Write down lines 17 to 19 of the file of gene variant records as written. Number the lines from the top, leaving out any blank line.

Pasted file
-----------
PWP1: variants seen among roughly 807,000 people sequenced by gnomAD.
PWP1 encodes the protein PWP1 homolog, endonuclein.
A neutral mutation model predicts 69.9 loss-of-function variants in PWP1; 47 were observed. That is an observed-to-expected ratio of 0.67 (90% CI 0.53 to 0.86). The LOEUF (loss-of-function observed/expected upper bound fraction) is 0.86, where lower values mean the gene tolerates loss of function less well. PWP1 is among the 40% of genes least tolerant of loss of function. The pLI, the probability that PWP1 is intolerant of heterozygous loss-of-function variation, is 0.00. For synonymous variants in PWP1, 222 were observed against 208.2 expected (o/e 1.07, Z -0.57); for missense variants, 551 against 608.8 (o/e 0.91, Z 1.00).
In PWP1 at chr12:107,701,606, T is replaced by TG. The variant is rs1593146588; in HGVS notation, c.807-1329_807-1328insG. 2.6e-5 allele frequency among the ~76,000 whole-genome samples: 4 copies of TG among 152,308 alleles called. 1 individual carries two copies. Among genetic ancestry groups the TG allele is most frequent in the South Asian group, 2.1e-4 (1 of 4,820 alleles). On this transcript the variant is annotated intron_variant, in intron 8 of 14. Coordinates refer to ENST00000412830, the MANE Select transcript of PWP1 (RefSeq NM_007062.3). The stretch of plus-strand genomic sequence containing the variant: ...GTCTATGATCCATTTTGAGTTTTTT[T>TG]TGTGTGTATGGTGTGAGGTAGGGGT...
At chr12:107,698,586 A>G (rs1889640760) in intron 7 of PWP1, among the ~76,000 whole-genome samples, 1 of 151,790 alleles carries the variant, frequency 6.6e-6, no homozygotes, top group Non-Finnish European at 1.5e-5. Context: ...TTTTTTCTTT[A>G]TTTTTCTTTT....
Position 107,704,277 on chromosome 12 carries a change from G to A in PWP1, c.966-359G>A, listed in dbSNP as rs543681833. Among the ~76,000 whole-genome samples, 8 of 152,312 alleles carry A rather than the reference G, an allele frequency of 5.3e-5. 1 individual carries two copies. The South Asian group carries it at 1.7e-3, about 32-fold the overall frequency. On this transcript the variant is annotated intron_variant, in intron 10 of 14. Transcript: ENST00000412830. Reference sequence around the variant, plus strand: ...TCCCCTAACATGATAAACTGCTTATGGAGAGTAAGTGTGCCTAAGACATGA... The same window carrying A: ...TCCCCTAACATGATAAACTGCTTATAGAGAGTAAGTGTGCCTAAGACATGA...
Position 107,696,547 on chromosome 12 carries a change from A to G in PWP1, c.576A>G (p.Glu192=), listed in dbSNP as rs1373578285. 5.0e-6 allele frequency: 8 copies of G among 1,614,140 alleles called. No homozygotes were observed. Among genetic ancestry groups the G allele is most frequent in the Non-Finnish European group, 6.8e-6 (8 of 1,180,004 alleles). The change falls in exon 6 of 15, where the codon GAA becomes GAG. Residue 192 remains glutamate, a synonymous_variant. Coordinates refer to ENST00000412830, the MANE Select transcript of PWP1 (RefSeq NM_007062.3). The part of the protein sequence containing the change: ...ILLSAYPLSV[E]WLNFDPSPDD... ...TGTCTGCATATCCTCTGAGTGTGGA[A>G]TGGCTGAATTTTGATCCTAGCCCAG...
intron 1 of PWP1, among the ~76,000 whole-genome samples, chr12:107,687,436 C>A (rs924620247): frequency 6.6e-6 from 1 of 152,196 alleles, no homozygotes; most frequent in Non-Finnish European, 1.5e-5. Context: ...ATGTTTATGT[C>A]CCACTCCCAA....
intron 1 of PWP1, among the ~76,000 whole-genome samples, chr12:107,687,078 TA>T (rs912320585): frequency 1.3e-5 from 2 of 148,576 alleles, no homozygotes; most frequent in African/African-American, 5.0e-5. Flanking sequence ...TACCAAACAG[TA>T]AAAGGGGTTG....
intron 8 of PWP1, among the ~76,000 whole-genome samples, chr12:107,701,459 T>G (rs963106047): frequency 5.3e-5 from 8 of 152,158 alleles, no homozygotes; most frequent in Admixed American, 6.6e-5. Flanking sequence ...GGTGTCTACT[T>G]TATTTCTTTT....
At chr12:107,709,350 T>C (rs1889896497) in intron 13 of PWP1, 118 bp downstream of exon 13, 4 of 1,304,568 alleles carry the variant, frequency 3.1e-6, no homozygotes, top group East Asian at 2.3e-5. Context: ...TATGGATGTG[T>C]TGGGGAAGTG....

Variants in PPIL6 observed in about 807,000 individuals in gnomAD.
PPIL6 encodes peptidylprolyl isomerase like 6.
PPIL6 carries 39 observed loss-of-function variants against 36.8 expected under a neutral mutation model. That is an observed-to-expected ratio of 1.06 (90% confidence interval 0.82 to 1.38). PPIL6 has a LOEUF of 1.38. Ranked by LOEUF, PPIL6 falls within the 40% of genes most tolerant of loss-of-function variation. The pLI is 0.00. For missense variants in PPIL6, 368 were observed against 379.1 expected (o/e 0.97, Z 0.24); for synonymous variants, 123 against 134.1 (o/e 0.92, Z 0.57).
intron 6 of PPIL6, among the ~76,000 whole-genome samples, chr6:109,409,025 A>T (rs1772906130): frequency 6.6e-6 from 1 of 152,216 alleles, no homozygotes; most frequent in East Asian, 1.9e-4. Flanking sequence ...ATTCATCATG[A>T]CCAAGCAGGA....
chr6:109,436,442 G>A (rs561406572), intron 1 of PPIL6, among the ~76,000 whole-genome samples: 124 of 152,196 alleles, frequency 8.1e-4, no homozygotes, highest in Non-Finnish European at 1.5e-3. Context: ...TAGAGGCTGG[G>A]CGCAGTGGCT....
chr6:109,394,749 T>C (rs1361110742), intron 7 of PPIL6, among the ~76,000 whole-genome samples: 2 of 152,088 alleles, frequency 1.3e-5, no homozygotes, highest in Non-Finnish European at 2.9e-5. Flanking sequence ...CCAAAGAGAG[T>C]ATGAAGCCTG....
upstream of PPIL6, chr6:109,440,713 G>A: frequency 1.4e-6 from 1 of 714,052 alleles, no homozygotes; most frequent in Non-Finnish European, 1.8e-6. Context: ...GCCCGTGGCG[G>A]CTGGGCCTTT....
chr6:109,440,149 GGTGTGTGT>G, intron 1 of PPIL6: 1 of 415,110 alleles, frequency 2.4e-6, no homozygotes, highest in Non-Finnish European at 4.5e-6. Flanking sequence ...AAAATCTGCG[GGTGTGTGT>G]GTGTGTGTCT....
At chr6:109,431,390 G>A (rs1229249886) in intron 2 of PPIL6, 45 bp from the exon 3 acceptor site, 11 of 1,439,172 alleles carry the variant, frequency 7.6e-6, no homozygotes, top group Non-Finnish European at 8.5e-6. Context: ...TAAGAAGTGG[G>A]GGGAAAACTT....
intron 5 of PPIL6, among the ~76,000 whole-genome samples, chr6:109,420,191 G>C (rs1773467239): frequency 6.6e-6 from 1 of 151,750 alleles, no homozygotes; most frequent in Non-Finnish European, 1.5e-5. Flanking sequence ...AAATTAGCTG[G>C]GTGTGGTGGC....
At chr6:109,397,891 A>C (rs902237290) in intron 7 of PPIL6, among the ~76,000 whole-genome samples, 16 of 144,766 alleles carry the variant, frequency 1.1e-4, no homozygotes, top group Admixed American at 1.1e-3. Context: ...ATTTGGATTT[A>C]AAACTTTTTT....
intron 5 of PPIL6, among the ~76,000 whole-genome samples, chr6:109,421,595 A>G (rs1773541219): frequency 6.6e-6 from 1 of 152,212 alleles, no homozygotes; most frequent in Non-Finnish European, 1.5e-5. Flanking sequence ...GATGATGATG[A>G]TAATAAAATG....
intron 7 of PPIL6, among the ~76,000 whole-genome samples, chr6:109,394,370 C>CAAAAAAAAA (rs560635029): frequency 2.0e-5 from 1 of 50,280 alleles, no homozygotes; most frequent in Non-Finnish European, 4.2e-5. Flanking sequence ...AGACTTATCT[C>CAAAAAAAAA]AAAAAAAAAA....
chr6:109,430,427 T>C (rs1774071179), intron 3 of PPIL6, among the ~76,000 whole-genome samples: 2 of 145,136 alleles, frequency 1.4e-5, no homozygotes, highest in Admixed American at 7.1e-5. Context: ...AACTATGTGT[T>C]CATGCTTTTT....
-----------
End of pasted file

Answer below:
chr6:109,394,749 T>C (rs1361110742), intron 7 of PPIL6, among the ~76,000 whole-genome samples: 2 of 152,088 alleles, frequency 1.3e-5, no homozygotes, highest in Non-Finnish European at 2.9e-5. Flanking sequence ...CCAAAGAGAG[T>C]ATGAAGCCTG....
upstream of PPIL6, chr6:109,440,713 G>A: frequency 1.4e-6 from 1 of 714,052 alleles, no homozygotes; most frequent in Non-Finnish European, 1.8e-6. Context: ...GCCCGTGGCG[G>A]CTGGGCCTTT....
chr6:109,440,149 GGTGTGTGT>G, intron 1 of PPIL6: 1 of 415,110 alleles, frequency 2.4e-6, no homozygotes, highest in Non-Finnish European at 4.5e-6. Flanking sequence ...AAAATCTGCG[GGTGTGTGT>G]GTGTGTGTCT....